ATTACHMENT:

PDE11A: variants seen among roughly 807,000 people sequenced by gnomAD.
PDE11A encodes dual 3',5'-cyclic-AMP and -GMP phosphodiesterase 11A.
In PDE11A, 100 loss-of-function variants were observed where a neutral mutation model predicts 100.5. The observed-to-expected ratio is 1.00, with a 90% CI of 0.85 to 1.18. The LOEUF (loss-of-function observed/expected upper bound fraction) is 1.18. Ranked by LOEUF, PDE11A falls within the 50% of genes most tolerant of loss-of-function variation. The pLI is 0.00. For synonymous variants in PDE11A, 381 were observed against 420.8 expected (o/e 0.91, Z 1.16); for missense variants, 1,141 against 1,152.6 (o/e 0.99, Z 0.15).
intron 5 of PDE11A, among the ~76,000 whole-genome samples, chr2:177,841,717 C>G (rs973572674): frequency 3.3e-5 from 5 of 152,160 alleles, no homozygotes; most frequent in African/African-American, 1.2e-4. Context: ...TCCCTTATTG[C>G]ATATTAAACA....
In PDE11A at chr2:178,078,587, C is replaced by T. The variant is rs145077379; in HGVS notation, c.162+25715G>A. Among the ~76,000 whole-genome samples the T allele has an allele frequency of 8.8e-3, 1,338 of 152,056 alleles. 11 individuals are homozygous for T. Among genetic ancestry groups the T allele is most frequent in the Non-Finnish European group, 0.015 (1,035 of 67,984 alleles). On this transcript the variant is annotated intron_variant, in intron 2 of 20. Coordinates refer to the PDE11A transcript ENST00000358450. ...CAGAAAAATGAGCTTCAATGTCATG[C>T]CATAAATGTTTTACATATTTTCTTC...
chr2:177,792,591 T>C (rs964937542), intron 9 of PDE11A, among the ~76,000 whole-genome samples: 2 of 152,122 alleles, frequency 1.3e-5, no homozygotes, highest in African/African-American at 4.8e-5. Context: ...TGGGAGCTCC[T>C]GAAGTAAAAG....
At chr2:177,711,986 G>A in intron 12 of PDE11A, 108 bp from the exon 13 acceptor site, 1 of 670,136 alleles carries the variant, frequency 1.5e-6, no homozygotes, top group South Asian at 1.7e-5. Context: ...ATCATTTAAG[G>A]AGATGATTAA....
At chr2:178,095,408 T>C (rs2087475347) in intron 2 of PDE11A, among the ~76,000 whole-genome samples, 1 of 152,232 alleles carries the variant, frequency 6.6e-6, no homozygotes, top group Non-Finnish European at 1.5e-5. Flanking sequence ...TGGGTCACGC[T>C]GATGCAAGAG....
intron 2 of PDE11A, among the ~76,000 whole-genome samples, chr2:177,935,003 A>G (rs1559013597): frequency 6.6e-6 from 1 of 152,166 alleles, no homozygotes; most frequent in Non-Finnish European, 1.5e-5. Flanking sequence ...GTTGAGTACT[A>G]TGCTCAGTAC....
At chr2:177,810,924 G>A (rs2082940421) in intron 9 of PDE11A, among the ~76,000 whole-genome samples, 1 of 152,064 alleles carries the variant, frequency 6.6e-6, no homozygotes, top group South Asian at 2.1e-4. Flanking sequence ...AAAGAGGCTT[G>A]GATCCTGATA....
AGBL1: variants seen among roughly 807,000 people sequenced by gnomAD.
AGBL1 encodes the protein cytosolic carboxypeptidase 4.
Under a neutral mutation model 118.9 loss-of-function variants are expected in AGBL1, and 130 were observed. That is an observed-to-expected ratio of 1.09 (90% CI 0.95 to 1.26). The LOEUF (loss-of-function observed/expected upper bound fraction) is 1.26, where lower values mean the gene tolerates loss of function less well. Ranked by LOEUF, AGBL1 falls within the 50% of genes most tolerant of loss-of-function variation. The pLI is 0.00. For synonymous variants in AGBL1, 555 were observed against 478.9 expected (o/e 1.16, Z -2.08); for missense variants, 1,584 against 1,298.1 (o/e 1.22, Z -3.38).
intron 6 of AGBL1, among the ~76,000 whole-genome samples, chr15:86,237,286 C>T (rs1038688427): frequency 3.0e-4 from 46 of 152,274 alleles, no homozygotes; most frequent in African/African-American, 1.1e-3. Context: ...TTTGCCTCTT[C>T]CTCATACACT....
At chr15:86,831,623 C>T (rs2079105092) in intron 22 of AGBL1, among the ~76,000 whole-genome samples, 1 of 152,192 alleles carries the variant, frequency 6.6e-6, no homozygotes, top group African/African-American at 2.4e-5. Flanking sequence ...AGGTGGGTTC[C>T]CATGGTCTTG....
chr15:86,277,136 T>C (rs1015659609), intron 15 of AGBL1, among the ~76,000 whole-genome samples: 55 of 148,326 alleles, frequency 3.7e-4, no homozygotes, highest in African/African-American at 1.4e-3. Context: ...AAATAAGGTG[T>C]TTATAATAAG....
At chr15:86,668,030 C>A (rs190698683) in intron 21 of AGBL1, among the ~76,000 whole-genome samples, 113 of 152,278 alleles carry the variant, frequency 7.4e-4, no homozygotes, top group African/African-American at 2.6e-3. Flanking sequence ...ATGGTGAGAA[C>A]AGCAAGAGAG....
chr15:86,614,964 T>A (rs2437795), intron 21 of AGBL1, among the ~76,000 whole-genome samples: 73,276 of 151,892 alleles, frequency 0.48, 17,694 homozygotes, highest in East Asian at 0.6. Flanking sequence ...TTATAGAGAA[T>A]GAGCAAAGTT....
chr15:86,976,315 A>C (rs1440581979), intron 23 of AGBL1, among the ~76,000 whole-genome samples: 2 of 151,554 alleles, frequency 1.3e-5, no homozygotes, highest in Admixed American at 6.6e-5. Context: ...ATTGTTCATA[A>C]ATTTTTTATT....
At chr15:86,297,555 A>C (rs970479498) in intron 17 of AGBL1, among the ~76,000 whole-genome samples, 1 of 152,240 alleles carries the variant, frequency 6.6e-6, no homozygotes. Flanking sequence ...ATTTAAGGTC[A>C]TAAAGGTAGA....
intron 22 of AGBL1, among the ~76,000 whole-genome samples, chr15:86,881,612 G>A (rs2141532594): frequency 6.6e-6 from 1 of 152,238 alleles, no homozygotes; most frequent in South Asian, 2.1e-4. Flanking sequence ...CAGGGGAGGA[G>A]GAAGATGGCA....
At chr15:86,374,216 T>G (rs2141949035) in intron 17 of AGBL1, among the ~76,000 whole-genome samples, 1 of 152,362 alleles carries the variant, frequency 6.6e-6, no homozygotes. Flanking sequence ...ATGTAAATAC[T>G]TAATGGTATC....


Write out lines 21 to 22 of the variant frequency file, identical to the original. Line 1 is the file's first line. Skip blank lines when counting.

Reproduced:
intron 22 of AGBL1, among the ~76,000 whole-genome samples, chr15:86,881,612 G>A (rs2141532594): frequency 6.6e-6 from 1 of 152,238 alleles, no homozygotes; most frequent in South Asian, 2.1e-4. Flanking sequence ...CAGGGGAGGA[G>A]GAAGATGGCA....
At chr15:86,374,216 T>G (rs2141949035) in intron 17 of AGBL1, among the ~76,000 whole-genome samples, 1 of 152,362 alleles carries the variant, frequency 6.6e-6, no homozygotes. Flanking sequence ...ATGTAAATAC[T>G]TAATGGTATC....